Where Women Are: Gender & The 2017 Kenyan Elections

Published in 2018 by Heinrich-Boell-Stiftung and Twaweza Communications Ltd and co-edited with Marie-Emmanuelle Pommerolle.[54]

Book chapters[edit]

"Surviving the Slaughter: The Ordeal of a Rwandan Refugee in Zaire"

"Media Perspectives: Social Media and New Narratives: Kenyans Tweet Back"

  • Chapter in Africa's Media Image in the 21st Century: From the 'Heart of Darkness' to 'Africa Rising', published in 2016 by Routledge

References[edit]

  1. ^ "Prize Students Step-up to Receive Awards". University of Birmingham. 12 July 2008. Retrieved 1 September 2020.
  2. ^ a b deSouza, Priyanka (2018-12-07). "Book Review: Digital Democracy, Analogue Politics: How the Internet Era is Transforming Kenya by Nanjala Nyabola". LSE Review of Books. Retrieved 2019-07-10.
  3. ^ "List of Scholars". The Rhodes Project. Retrieved 2019-07-10.
  4. ^ a b "Foreign Policy Interrupted | H. Nanjala Nyabola". Retrieved 2019-07-10.
  5. ^ "H. Nanjala Nyabola". Carey Institute for Global Good. 2016-05-27. Retrieved 2019-07-11.
  6. ^ "Our Board". Amnesty International Kenya. Retrieved 2019-07-10.
  7. ^ "Nanjala Nyabola, Author at African Arguments". African Arguments. Retrieved 2019-07-10.
  8. ^ "Nanjala Nyabola". www.aljazeera.com. Retrieved 2019-07-10.
  9. ^ "Nanjala Nyabola". Financial Times. Retrieved 2019-07-10.
  10. ^ "Nanjala Nyabola". Foreign Affairs. 2015-09-14. Retrieved 2019-07-10.
  11. ^ "Nanjala Nyabola – Foreign Policy". Retrieved 2019-07-10.
  12. ^ "Nanjala Nyabola | The Guardian". the Guardian. Retrieved 2019-07-10.
  13. ^ "Search for "nanjala nyabola" - New African Magazine". newafricanmagazine.com. Retrieved 2019-07-10.
  14. ^ "Nanjala Nyabola | The New Humanitarian". www.thenewhumanitarian.org. Retrieved 2019-07-10.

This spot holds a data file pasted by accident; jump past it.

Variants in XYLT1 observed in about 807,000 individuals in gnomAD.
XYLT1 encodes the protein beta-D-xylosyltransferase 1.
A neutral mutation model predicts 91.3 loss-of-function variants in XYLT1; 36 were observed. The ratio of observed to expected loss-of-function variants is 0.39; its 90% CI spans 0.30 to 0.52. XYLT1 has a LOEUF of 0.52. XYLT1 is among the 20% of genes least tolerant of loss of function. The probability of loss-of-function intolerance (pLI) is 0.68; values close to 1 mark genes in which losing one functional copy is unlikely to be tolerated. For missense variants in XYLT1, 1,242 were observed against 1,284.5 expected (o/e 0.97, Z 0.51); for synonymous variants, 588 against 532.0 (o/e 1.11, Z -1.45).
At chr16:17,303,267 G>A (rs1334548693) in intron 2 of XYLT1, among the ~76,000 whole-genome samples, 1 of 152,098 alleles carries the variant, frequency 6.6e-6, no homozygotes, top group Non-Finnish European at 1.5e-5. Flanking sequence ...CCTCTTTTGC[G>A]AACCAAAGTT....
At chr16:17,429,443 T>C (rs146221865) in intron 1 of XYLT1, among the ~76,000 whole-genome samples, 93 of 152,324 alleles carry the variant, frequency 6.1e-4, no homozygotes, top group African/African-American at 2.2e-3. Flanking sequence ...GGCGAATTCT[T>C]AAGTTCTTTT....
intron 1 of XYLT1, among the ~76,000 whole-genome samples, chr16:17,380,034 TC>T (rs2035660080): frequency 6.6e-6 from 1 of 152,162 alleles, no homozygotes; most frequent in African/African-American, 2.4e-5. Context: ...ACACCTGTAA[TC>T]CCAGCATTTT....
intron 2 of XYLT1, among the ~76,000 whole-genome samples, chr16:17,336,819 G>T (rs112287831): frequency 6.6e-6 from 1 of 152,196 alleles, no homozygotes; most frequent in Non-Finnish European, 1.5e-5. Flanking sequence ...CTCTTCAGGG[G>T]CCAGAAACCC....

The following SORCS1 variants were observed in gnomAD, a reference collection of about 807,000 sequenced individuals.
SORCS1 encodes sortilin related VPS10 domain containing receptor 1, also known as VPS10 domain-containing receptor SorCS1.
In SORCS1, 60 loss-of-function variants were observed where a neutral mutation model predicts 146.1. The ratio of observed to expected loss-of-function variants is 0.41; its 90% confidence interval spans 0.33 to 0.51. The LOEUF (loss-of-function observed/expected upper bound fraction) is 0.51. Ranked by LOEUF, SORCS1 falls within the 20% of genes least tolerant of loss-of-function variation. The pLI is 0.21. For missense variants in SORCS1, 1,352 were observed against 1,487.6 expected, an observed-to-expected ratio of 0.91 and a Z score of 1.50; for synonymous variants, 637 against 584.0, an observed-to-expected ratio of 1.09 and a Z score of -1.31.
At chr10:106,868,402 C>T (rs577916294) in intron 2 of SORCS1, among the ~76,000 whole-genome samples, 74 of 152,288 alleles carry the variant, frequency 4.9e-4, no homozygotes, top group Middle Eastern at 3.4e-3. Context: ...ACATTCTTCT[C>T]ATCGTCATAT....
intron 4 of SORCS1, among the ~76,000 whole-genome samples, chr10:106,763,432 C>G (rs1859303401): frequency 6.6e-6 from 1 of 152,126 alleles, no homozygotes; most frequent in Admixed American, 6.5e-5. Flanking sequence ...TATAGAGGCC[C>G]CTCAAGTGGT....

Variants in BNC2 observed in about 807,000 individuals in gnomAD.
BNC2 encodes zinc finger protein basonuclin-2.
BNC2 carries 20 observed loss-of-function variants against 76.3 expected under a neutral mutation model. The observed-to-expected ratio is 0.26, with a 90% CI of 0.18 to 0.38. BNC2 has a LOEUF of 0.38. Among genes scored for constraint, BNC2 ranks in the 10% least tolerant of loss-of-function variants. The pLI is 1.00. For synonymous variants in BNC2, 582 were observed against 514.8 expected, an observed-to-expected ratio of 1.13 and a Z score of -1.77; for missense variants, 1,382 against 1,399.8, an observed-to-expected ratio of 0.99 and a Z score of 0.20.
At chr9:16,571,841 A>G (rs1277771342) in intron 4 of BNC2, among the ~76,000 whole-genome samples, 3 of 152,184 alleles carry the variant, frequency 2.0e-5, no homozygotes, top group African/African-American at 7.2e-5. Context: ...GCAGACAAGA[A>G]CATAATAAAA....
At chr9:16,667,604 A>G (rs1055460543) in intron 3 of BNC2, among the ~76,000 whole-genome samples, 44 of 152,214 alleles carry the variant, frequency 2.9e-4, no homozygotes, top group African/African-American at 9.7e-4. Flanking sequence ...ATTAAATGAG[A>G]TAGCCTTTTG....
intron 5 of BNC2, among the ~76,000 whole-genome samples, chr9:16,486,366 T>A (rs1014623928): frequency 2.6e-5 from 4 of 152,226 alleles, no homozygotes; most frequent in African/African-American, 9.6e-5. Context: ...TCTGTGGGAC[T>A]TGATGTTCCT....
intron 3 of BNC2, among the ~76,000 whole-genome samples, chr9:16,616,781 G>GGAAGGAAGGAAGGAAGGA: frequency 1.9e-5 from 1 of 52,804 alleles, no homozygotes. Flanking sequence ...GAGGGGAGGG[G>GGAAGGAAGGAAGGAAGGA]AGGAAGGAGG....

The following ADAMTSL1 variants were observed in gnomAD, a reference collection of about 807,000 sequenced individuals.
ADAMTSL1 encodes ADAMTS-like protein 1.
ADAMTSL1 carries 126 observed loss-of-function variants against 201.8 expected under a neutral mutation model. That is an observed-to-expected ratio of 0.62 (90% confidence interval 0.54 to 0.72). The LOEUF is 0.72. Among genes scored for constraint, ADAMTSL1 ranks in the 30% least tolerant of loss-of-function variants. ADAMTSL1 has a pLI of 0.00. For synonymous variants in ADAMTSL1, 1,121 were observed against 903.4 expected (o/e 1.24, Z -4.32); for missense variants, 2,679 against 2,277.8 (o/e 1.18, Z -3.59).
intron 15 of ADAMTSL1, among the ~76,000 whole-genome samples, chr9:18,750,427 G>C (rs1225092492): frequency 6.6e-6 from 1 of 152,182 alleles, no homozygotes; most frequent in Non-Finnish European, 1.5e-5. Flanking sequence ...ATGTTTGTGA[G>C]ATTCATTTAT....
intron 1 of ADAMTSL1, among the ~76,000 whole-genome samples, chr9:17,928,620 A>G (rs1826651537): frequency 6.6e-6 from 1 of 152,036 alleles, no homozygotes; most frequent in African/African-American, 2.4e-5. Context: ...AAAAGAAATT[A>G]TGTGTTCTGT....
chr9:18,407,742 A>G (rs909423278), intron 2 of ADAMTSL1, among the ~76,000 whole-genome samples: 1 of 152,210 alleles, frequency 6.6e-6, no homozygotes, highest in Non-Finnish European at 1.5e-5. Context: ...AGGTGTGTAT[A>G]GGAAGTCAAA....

15. ^ "Nanjala Nyabola". The New Inquiry. Retrieved 2019-07-10.
  16. ^ "Author Details". New Internationalist. Retrieved 2019-07-10.
  17. ^ "Nanjala Nyabola". runner. Retrieved 2019-07-10.
  18. ^ "Search Results for "nanjala nyabola" – World Policy". Retrieved 2019-07-10.
  19. ^ Nyabola, Nanjala. "Why do Western media get Africa wrong?". www.aljazeera.com. Retrieved 2019-07-10.
  20. ^ Gathara, Patrick (2014-01-24). "If western journalists get Africa wrong, who gets it right?". The Guardian. ISSN 0261-3077. Retrieved 2019-07-10.
  21. ^ "In defence of western journalists in Africa - By Michela Wrong". African Arguments. 2014-02-21. Retrieved 2019-07-10.
  22. ^ "Why do Western media get Africa wrong?". TMS Ruge. 2014-01-02. Retrieved 2019-07-10.
  23. ^ "What does a round of 'African nations in high school' say about". The East African. Retrieved 2019-07-10.
  24. ^ Dersso, Solomon. "Reporting Africa: In defence of a critical debate". www.aljazeera.com. Retrieved 2019-07-10.
  25. ^ "Examining the roots of biased reporting on Africa | Africa Talks". www.africa-talks.com. Retrieved 2019-07-10.
  26. ^ "Two tribes". The Economist. 2014-01-24. ISSN 0013-0613. Retrieved 2019-07-10.
  27. ^ a b "BBC World Service - World Have Your Say, Is it the media's responsibility to champion Africa, or simply understand it?". BBC. Retrieved 2019-07-11.
  28. ^ Barber, Nicholas (2014). "Syllabus - Africa in Media and Pop Culture" (PDF). mcgill.ca. Retrieved 2019-07-10.